Thanks largely to the growing popularity of Facebook’s Oculus Quest platform, and the excellent early sales of its latest Quest 2 model, more and more consumers are becoming aware of virtual reality’s surprising utility as an exercise tool. Yet it wasn’t always this way. One of the earliest titles to tap into VR’s latent energy busting potential was BoxVR, offering structured boxercise workouts paired to thumping soundtracks that got you jabbing, hooking, twisting, and ducking until your arms and shoulders turned to jello and your legs were on fire. It seemed like a startling novelty back in 2017 that playing a video game could actually be a pathway to better fitness and health, but after BoxVR launched people started to take notice.

Three years on and BoxVR has gone from strength to strength, and platform to platform. It’s now available for PCVR, standalone VR with the Oculus Quest, and even Sony Playstion’s PSVR headset.

Alongside Beat Saber and Thrill of the Fight, it forms part of the VR fitness triumvirate, one of the three essential VR fitness games that we recommend to everybody wanting to use their VR headset to improve their health.

Earlier this year, BoxVR, at least on Quest (it’s coming later to PC and PSVR) became FitXR, matching the name of the developers and released as a free, not so much upgrade, as a total replacement for the old title.

FitXR (the developers) revealed they had plans for FitXR (the game) that involved new workout modes and functionality, providing players with new and more varied ways to keep fit. The first fruits of FitXR’s branching evolution have now ripened with the release of a completely new dance mode, available as a free update on the Oculus Quest.

Getting Started

If you already have FitXR the automatic update should prompt you of the new content availability and automatically show a quick tutorial when you load up. If it doesn’t, or you want to watch the tutorial again, it’s easily available in the help section on the game’s main toolbar.

By default all the game’s workouts are listed together so to check out the dance workouts specifically you’ll want to toggle the workout mode option as in the picture below.

The class list lets you sort workouts by type, instructor, intensity, workout length, and musical genre.

Dance Workouts Difficulty Gradings

Currently, the FitXR class list menu allows you to sort by workout intensity, but not dance move complexity. So you might find a workout is fairly light in intensity but too complicated and intricate in terms of dance moves, or vice versa. Thankfully, for this hands-on look, the FitXR devs have supplied me with a difficulty rating list, so that you can start with easy movements and work your up. What follows is presented exactly as given to me;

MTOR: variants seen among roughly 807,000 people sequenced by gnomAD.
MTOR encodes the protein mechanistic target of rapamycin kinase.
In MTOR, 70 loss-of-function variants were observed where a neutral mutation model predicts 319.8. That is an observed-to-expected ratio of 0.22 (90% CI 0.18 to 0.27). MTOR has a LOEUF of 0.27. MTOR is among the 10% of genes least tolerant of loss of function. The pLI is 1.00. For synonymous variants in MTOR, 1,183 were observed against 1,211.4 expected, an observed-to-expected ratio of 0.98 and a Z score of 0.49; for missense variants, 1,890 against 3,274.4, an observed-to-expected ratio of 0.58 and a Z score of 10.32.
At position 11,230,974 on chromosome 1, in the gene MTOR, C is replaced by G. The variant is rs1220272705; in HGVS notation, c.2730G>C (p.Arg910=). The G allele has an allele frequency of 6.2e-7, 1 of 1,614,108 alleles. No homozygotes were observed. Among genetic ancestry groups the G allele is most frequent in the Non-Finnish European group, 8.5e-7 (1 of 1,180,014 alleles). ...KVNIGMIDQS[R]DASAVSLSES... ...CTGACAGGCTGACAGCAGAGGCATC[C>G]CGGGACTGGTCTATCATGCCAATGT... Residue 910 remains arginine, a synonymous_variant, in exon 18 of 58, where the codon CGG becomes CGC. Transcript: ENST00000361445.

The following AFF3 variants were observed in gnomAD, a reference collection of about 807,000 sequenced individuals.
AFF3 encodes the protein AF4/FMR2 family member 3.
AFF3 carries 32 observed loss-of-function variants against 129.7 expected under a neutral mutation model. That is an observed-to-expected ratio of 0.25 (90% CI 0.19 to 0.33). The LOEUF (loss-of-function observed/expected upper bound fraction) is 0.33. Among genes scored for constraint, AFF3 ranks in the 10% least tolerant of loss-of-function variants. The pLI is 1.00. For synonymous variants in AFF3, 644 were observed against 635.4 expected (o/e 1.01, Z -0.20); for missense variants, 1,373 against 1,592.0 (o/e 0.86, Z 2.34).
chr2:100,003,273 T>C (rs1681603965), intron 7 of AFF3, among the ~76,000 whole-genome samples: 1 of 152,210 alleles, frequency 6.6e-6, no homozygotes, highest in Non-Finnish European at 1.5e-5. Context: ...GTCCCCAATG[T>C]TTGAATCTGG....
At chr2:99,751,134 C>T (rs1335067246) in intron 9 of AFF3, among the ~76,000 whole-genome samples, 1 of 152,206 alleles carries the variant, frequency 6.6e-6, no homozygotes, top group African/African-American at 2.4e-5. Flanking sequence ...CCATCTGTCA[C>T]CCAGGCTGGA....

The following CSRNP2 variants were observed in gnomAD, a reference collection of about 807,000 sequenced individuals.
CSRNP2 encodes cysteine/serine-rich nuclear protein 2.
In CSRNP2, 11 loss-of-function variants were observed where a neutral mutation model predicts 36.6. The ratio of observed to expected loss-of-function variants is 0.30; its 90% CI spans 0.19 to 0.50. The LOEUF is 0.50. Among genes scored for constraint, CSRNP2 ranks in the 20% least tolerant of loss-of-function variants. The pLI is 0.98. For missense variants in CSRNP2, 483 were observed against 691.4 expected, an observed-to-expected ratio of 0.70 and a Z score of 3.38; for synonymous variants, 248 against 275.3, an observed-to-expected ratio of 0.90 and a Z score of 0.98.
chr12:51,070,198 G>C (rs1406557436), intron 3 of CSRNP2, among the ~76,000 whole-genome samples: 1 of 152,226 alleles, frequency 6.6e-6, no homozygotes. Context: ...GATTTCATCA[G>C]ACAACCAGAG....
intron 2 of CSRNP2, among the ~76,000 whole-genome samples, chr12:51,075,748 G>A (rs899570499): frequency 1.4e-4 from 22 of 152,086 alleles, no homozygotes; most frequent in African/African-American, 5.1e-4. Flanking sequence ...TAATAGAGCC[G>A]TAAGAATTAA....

FitXR has a variety of different dance workouts suitable to whatever ability you might be, so even if you’re someone who’ll currently only go as far as a bit of foot-tapping along to the radio, there’s a dance workout that can make you feel great. We’ve compiled our recommendation on which dance workout to go for in FitXR based on previous dancing experience. 

Level 1 – Brand new to dance

  • Onboarding beginner
  • Ianthe Beginner 1 – Shot Away
  • Garret Beginner – Be With You
  • Ianthe Beginner 2 – Feels So Good
  • Sarah Beginner 1 – IDK
  • Karma Beginner 1 – Piece Of Me

Level 2 – Knows the difference between a grapevine and a side step

  • Karma Onboarding Intermediate – With Me
  • Karma Intermediate – We’re Dynamite
  • Sarah Intermediate – INCRDBL
  • Frida Intermediate – Shakin It

Level 3 – Can already burn up the dance floor 

  • Frida onboarding advanced – Dance it Up

Hands-On Impressions

As a mid-forties male with barely enough coordination to tie a knot I never expected or desired to write a review on a dancing game. Yet perhaps having two left feet and a stifling awkwardness when on the dance floor might prove a virtue, having a lot to learn means FitXR has plenty of opportunities to teach me. Hours of playing The Climb has noticeably reduced my fear of heights, fingers crossed some time spent virtual dancing will improve my sense of rhythm. I’m also excellently positioned to assess how beginner-friendly this new dancing mode is!

Following FitXR’s suggestions, I started with Ianthe’s beginner lesson Shot Away which you can see in the video below.